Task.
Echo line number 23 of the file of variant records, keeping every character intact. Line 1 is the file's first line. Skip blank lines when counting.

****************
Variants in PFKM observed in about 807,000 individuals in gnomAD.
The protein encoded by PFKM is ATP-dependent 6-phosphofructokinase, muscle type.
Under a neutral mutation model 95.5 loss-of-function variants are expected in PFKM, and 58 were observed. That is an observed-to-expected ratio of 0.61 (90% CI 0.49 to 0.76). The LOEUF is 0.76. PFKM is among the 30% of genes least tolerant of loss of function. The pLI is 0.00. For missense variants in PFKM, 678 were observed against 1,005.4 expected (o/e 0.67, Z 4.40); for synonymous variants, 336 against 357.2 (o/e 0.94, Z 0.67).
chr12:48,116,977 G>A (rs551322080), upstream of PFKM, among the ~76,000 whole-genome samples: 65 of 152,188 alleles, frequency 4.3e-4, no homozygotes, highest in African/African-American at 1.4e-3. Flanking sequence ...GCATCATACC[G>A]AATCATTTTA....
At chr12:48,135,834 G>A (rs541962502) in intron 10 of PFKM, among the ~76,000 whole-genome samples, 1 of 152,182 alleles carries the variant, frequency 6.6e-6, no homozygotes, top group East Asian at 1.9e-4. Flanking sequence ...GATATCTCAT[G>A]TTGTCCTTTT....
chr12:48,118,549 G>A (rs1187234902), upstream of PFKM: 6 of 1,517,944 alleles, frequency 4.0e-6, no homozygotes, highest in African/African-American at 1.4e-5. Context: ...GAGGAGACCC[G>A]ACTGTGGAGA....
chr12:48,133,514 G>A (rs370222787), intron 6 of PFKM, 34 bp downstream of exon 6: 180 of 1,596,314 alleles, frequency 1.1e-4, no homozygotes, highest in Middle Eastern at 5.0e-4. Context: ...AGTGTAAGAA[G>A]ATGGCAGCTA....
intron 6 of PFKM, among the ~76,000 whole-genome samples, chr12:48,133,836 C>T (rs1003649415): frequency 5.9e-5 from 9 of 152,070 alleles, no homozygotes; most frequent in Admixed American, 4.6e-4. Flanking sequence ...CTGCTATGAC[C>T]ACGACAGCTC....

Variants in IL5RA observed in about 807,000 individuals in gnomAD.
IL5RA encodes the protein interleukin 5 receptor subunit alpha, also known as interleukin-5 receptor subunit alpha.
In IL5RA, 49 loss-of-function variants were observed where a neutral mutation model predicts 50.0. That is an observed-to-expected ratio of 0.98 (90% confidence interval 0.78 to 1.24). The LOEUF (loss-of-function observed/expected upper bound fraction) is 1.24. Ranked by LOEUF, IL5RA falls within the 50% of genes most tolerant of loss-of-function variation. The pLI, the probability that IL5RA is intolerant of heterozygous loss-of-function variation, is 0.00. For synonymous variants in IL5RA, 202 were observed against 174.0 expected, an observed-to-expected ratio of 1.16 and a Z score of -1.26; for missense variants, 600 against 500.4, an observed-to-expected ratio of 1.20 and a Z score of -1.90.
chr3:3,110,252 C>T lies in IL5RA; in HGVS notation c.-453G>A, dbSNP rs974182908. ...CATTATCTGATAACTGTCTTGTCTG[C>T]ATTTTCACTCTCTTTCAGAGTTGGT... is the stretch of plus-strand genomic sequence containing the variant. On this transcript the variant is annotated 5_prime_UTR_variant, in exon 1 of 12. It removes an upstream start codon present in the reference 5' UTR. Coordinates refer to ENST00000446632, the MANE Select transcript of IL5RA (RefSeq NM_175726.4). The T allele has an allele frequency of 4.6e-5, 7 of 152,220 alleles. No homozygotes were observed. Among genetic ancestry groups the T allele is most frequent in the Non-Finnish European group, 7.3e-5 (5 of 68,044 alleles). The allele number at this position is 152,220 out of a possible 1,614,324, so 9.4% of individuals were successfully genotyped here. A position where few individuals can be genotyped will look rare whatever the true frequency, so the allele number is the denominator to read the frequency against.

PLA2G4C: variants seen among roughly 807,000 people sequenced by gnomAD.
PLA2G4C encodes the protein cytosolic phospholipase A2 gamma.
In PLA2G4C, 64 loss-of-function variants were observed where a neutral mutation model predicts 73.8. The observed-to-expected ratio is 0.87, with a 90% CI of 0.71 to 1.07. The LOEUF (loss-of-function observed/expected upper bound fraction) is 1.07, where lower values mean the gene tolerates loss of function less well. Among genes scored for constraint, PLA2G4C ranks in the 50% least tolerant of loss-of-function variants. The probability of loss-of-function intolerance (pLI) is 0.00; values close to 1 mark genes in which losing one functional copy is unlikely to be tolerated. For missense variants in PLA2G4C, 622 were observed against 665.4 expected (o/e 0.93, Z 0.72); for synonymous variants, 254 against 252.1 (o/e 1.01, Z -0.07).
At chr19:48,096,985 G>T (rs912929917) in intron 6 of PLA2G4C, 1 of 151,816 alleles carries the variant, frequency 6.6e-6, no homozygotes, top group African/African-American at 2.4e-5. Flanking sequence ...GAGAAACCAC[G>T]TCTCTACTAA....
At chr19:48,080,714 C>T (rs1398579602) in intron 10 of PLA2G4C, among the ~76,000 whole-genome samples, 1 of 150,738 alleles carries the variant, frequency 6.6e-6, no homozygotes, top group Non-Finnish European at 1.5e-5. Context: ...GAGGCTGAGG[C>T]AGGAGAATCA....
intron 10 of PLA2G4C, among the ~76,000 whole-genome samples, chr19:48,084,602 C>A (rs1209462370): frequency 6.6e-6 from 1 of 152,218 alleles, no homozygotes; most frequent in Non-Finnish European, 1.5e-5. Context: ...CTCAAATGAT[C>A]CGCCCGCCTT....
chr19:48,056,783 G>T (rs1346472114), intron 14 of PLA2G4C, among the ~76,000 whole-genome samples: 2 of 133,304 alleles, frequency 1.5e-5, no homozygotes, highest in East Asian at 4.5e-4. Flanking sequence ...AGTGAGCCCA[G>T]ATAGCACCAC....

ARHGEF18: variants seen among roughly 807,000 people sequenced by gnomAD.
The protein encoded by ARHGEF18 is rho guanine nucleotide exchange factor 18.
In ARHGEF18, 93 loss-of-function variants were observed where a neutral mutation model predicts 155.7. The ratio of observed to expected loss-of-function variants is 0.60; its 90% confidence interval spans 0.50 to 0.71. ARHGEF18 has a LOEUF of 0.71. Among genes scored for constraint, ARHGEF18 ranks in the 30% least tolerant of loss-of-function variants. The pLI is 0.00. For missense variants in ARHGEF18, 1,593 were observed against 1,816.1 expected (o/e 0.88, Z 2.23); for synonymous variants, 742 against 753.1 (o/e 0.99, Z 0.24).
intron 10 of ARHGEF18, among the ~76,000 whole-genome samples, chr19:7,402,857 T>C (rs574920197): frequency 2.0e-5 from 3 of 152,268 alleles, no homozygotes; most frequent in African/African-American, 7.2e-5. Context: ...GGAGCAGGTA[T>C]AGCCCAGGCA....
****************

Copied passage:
intron 10 of ARHGEF18, among the ~76,000 whole-genome samples, chr19:7,402,857 T>C (rs574920197): frequency 2.0e-5 from 3 of 152,268 alleles, no homozygotes; most frequent in African/African-American, 7.2e-5. Context: ...GGAGCAGGTA[T>C]AGCCCAGGCA....